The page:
Liberty Matters

Policy AND or VERSUS Polity Conservatism


I'd like to thank Dan Klein for the clarification of his idea of polity conservatism, which I did not fully understand earlier. (See Daniel B. Klein, "Liberalism Remains Primary", above.) I now see better the distinction between polity conservatism and policy conservatism. However, though I see that there is such a distinction, I still am not sure why the arguments for polity conservatism would not also support policy conservatism. Take the point that established ways have been through a selection process and are thus likely to be adaptive: why wouldn't this be just as true of policies as of features of national character? Similarly, take the points that our knowledge of the workings of society is slight, and that happiness requires tranquility: wouldn't these also support policy conservatism, i.e., a reluctance to change particular government policies?
In response to my (very brief) objection to one of his initial observations, Dan points out that there is some value in people's being allowed to continue on in the ways they have grown accustomed to. Here, there may not be much disagreement between us. I agree that there is some value to this. I would give a utilitarian explanation: changing things that people have grown accustomed to often makes people unhappy (partly directly, and partly indirectly, because of the costs of finding new ways of accommodating different practices or policies). So I think we can agree that one should not change either the polity or particular policies for no reason.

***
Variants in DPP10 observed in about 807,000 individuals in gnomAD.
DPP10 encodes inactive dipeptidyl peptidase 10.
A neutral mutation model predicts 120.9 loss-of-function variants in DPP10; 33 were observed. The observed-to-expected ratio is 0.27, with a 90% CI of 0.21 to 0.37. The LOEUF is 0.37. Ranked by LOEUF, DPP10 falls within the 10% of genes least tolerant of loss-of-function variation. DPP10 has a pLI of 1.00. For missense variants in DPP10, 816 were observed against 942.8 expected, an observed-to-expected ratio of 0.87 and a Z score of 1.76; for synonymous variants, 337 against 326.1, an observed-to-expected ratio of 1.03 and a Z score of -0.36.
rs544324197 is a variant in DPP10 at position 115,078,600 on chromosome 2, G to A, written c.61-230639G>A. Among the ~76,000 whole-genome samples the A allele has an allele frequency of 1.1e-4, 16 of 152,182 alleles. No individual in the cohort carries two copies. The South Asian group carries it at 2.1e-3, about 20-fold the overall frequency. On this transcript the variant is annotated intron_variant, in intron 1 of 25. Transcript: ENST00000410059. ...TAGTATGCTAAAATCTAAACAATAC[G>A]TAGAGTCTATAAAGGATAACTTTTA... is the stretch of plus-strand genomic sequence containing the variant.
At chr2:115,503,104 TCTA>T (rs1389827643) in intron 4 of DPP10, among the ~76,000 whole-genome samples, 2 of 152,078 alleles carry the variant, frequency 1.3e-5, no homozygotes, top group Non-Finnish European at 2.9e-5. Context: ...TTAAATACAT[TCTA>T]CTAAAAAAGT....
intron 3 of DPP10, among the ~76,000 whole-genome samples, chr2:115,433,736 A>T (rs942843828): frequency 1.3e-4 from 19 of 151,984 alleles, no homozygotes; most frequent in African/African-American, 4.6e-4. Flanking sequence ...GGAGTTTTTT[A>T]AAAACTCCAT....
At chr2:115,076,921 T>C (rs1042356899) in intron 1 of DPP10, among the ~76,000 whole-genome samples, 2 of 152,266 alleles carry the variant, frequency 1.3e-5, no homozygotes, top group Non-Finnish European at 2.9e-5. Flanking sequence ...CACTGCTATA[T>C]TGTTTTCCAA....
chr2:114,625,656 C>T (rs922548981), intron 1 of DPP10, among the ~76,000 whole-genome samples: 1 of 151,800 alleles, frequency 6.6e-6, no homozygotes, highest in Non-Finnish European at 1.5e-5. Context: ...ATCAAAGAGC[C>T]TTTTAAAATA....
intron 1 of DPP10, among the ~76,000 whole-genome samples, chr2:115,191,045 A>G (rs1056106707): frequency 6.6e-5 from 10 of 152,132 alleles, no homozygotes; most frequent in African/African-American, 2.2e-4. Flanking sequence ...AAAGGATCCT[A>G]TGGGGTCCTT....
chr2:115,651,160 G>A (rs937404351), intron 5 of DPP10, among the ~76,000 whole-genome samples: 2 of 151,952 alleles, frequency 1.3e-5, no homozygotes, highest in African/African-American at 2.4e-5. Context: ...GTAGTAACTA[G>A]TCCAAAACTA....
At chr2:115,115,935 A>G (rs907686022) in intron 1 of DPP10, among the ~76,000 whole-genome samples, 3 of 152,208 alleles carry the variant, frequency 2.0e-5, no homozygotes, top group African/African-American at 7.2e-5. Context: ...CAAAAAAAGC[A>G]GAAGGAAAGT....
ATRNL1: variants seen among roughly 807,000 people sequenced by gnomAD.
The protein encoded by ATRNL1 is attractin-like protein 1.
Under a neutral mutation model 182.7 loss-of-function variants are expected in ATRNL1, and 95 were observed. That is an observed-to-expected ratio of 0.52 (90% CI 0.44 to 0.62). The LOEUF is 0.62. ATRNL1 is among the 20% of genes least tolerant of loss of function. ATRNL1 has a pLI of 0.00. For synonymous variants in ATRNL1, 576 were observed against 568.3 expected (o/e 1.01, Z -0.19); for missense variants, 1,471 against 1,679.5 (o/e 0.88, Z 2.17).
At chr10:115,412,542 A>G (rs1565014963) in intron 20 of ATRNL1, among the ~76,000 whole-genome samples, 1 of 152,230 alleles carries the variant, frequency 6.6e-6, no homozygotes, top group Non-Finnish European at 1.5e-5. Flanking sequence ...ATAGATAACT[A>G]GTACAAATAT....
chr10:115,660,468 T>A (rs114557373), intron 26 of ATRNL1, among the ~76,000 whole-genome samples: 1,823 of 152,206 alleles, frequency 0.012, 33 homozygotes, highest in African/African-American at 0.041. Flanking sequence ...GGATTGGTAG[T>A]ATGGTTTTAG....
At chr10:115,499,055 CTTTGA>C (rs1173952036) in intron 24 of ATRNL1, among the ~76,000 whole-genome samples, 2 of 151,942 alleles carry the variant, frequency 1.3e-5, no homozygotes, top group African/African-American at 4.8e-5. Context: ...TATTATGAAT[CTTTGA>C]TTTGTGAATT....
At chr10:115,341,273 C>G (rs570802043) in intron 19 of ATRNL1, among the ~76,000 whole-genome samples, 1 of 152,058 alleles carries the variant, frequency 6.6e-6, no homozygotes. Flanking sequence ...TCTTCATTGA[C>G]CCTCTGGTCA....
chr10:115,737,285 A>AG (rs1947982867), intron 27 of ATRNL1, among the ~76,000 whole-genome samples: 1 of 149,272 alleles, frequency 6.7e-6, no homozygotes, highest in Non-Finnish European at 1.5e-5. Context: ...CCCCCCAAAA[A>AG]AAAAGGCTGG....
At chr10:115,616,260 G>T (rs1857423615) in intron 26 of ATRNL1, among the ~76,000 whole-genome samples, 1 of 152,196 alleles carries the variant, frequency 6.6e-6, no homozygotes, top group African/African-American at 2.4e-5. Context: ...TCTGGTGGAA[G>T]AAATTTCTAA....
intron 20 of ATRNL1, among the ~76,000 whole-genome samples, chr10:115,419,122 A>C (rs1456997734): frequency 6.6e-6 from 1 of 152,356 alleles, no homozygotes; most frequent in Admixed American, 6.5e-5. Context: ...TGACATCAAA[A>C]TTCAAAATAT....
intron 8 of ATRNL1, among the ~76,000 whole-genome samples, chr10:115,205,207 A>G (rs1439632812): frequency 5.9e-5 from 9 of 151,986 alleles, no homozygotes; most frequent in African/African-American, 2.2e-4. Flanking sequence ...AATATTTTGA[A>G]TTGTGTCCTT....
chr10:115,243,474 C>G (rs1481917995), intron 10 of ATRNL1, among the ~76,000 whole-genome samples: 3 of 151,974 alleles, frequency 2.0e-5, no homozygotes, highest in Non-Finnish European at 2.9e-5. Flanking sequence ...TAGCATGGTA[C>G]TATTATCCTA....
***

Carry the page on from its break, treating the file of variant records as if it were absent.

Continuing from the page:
I would add, however, that I don't think this consideration will make very much difference in very many cases. That is because, first, I think it is a consideration of only modest weight, since it is only a temporary cost – in most cases, when we change practices, people will shortly get used to the new practice, and it will cease to bother them. Second, I think the reasons in favor of making changes are often very weighty – often, existing practices are actually seriously unjust – or at least, the proponents of reform think that they are. So in most cases, raising this modest utilitarian concern will properly have little effect on the debate.
To take one example, many people have grown used to the current regime of drug prohibition. Drug dealers, crime bosses, DEA agents, prosecutors, and so on have all adapted to this regime. Indeed, they would suffer major losses if we switched away from prohibition. That is some reason to maintain prohibition. But that really is not an important consideration, when compared to the arguments for thinking that drug prohibition is a major injustice.
Dan probably agrees with me on that case. But a similar point applies to other cases. Suppose, e.g., that someone thinks that there is a right to health care, and therefore, the government is obligated to ensure its availability to the indigent. That person would not be and should not be impressed with the observation that many people have grown accustomed to a status quo in which there are no such guarantees – that just isn't an important consideration, compared to the issue of whether there is a right to health care.